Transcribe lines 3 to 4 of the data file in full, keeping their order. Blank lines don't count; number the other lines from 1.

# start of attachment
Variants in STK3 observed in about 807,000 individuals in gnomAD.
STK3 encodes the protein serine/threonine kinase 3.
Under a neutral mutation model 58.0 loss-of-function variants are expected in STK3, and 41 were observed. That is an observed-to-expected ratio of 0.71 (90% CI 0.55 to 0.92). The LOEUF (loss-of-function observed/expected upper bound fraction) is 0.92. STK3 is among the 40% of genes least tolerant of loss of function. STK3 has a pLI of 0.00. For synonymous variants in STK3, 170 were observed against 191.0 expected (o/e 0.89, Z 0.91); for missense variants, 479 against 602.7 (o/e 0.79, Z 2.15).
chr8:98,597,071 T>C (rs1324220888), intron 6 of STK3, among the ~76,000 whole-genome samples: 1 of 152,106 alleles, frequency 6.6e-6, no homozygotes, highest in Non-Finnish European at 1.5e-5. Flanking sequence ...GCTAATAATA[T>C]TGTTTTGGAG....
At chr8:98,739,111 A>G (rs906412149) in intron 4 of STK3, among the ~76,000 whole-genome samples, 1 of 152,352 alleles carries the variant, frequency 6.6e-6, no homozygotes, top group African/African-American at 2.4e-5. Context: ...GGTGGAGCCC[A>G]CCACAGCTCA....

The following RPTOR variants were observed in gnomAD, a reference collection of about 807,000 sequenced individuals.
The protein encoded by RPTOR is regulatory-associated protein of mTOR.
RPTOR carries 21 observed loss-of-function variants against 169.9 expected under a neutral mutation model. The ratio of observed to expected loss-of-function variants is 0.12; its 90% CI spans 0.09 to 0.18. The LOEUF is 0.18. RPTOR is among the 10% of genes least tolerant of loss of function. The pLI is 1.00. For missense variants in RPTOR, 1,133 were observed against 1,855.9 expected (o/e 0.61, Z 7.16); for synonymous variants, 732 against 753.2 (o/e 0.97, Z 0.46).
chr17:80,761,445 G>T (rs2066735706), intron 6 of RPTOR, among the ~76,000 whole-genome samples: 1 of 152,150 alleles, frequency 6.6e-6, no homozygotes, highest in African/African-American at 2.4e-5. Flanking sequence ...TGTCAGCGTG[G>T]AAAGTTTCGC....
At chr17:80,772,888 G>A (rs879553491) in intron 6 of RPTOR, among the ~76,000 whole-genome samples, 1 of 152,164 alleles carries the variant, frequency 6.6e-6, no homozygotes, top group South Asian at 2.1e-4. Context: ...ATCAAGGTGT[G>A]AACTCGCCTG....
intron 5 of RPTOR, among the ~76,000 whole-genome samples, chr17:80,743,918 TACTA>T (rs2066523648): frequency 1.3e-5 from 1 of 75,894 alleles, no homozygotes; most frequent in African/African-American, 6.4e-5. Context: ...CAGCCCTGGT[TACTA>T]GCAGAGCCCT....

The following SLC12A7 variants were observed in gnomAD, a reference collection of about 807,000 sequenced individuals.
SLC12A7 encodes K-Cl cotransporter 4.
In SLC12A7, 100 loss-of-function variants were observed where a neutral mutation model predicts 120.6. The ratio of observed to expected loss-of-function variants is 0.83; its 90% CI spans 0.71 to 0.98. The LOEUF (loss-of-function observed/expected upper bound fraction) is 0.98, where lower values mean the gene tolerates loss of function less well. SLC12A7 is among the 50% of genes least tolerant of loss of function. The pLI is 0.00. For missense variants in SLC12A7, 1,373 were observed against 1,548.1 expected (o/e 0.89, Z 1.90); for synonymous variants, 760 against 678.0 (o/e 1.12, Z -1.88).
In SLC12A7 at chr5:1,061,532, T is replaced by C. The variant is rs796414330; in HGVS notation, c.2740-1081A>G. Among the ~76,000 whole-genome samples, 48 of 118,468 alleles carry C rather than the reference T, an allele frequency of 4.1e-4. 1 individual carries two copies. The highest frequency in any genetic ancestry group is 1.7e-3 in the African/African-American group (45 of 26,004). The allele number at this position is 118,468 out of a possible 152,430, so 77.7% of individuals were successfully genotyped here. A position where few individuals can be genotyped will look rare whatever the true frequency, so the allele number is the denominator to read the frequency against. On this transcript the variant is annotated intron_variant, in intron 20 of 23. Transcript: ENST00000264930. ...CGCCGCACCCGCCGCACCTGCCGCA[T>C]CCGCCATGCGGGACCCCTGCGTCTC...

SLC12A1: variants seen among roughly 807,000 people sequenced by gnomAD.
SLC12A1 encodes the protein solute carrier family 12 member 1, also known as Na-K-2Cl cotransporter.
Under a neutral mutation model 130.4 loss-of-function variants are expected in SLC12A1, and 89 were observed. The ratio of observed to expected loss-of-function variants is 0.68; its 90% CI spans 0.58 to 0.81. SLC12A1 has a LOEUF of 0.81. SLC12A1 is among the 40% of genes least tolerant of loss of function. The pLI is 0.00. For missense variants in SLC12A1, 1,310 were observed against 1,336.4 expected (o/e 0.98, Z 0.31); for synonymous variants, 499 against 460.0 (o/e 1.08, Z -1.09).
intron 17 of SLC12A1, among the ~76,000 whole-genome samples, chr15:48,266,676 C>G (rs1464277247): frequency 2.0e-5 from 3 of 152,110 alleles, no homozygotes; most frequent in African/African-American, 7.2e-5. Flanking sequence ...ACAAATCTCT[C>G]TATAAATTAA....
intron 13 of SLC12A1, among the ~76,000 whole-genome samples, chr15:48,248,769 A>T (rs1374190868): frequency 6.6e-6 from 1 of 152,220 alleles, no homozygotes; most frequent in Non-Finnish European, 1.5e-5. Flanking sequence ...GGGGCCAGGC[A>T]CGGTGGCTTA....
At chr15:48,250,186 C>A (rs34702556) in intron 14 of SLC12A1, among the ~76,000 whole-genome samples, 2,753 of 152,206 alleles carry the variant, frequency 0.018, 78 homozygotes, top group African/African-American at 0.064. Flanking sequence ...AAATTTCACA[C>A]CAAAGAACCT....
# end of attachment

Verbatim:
Under a neutral mutation model 58.0 loss-of-function variants are expected in STK3, and 41 were observed. That is an observed-to-expected ratio of 0.71 (90% CI 0.55 to 0.92). The LOEUF (loss-of-function observed/expected upper bound fraction) is 0.92. STK3 is among the 40% of genes least tolerant of loss of function. STK3 has a pLI of 0.00. For synonymous variants in STK3, 170 were observed against 191.0 expected (o/e 0.89, Z 0.91); for missense variants, 479 against 602.7 (o/e 0.79, Z 2.15).
chr8:98,597,071 T>C (rs1324220888), intron 6 of STK3, among the ~76,000 whole-genome samples: 1 of 152,106 alleles, frequency 6.6e-6, no homozygotes, highest in Non-Finnish European at 1.5e-5. Flanking sequence ...GCTAATAATA[T>C]TGTTTTGGAG....